Musicals remind me of watching midday movies with my grandmother in the days of black-and-white television. Years later, the revelation that many of these films were actually in colour seemed antithetical to the moral certainties they depicted.
In Oklahoma!, Rogers and Hammerstein’s first Broadway collaboration (1943), virtue triumphs over villainy, the good guy gets the girl, and the girl gets what every girl wants: marriage! What may not be common knowledge is that the musical is set in Indian Territory the year before Oklahoma became a State of the Union (1907). With echoes of terra nullius, Native Americans might as well be non-existent; the conflict is between crop farmers and cattle ranchers who decry the fencing of ‘our’ land. Who better to personify this wide ‘white’ land than the virginal Laurey, who is caught between two men vying for her affections? Will she choose swaggering cowboy Curly or glowering farmhand Jud – amiable or predatory masculinity? To exasperate her would-be lover, she flirts with Jud’s volatile affections without counting the consequences. Curly may not be the perfect match, but Laurey’s options are limited.
Contemporary productions can approach Oklahoma! in one of two ways, either as full-blown extravaganza reproducing the lush original or ironically, standing the cardboard characters of musical theatre metaphorically on their heads – mocking or questioning the outdated mores of the storyline; stripping back set and costume design to feature the songs and music; updating choreography (I’m imagining Pina Bausch); taking the ‘yee-haw’ out of the production. The possibilities are endless. The current Black Swan production essays a few new ideas but falls short of any real innovation. It seems to have aimed for a crowd pleaser, a revival not an adaptation. Unfortunately, the result has a touch of suburban repertory about it.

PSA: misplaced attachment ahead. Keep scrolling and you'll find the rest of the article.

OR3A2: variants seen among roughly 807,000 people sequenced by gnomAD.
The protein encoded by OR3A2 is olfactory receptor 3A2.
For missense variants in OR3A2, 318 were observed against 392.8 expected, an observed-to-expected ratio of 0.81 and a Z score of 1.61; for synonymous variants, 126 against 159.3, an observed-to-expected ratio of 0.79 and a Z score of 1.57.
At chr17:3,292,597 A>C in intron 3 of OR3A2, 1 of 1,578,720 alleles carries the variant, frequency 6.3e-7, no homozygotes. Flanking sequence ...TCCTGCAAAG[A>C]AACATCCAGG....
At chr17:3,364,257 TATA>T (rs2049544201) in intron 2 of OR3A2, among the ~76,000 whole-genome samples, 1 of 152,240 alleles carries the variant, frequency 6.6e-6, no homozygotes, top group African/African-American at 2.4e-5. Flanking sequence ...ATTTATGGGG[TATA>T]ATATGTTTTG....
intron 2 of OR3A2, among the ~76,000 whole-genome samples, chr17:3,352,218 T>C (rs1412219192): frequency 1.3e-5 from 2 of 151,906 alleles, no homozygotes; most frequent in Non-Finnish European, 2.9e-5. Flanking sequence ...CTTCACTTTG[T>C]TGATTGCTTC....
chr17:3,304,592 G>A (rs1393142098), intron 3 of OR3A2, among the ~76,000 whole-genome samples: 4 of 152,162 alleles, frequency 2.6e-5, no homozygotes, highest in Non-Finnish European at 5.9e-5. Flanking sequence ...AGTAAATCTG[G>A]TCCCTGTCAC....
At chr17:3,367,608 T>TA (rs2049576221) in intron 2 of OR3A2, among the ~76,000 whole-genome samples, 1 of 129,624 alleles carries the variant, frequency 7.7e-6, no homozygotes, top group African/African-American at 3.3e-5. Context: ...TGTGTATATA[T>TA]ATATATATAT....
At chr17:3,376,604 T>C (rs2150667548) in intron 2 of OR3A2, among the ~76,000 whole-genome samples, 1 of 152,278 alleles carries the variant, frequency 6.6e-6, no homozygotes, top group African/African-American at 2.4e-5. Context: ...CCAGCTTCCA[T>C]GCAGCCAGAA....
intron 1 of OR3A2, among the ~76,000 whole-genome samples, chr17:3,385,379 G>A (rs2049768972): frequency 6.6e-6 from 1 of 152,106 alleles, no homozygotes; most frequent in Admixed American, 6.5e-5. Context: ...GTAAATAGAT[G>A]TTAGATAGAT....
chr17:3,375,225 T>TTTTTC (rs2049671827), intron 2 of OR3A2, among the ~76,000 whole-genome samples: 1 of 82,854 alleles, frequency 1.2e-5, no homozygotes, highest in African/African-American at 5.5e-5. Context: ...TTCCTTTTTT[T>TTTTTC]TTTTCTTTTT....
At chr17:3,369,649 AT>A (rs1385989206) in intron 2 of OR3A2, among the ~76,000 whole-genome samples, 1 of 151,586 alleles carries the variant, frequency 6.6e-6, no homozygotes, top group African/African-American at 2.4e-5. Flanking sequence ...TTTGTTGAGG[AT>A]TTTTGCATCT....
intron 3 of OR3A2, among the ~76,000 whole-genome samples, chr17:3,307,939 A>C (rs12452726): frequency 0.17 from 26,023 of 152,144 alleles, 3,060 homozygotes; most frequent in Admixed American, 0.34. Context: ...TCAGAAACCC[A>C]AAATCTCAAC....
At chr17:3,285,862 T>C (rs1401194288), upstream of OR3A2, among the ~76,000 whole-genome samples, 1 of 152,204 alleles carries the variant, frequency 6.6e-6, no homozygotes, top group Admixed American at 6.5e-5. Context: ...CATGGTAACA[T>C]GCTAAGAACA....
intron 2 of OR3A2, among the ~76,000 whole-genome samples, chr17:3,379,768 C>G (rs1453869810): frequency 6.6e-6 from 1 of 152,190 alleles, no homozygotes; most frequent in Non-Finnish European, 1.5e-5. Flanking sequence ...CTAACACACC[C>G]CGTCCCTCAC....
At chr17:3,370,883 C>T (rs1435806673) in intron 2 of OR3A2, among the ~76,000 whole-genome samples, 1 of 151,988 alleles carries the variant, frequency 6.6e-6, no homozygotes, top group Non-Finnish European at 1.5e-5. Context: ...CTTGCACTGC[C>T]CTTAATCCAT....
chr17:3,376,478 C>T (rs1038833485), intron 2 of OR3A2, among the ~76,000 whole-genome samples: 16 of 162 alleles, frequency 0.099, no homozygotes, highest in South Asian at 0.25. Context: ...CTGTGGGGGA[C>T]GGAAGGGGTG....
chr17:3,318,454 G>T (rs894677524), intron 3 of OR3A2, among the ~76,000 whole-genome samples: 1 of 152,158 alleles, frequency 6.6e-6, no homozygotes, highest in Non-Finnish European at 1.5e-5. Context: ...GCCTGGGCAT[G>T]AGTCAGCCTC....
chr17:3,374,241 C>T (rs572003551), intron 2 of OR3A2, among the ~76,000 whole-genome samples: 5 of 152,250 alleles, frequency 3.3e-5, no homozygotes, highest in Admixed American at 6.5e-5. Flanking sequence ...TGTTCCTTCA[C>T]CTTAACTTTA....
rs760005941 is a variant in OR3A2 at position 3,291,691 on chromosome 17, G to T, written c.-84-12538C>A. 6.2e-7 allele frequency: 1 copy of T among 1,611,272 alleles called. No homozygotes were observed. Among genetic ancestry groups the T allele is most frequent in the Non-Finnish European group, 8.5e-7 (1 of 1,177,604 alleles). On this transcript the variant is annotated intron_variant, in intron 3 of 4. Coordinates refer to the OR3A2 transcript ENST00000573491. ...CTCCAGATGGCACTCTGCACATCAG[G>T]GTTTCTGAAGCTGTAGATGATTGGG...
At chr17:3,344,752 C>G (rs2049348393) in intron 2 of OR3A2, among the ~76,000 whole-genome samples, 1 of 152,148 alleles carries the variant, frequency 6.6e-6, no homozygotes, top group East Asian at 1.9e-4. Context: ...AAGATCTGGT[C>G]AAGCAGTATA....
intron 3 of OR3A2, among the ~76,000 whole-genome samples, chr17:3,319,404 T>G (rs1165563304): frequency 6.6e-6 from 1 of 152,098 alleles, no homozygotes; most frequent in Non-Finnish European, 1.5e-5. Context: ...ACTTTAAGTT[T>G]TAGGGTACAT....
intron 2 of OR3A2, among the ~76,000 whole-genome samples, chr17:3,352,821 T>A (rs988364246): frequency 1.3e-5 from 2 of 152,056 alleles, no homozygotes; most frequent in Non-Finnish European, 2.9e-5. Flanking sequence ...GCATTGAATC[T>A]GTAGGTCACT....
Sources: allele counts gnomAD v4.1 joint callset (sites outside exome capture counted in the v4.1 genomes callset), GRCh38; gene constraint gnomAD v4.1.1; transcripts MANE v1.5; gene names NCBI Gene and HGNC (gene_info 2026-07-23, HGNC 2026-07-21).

The major transformation is to the Heath Ledger Theatre: four banks of tiered seating now surround a square particle board stage with a revolving central section that brings animation and movement to the circumscribed arena. Dollhouse-sized buildings, several lit from within, evoke a sparsely populated landscape. Later, buildings will be lifted and the set reconfigured; objects will descend from on high. There are several surprise moments I won’t reveal here: suffice to say that dreams and nightmares are imaginatively realised.
Another surprise is the casting of Tongan-Australian performer Emily Havea as Curly. Director Richard Carroll has brought to Oklahoma! the cross-dressing aspect of his east-coast success Calamity Jane (Hayes Theatre Company, 2018–19). He claims that having a female actor portray Curly adds a queer aspect to the love triangle and to Laurey’s choice, ‘giving it […] more intrigue and complexity’. That complexity was lost on me. Havea’s chiselled features, broad shoulders, and male posturing are convincing. She brings a sweet harmony to ‘People Will Say We’re in Love’, her duet with Stefanie Caccamo’s Laurey. Curly’s usual baritone is not consciously missed.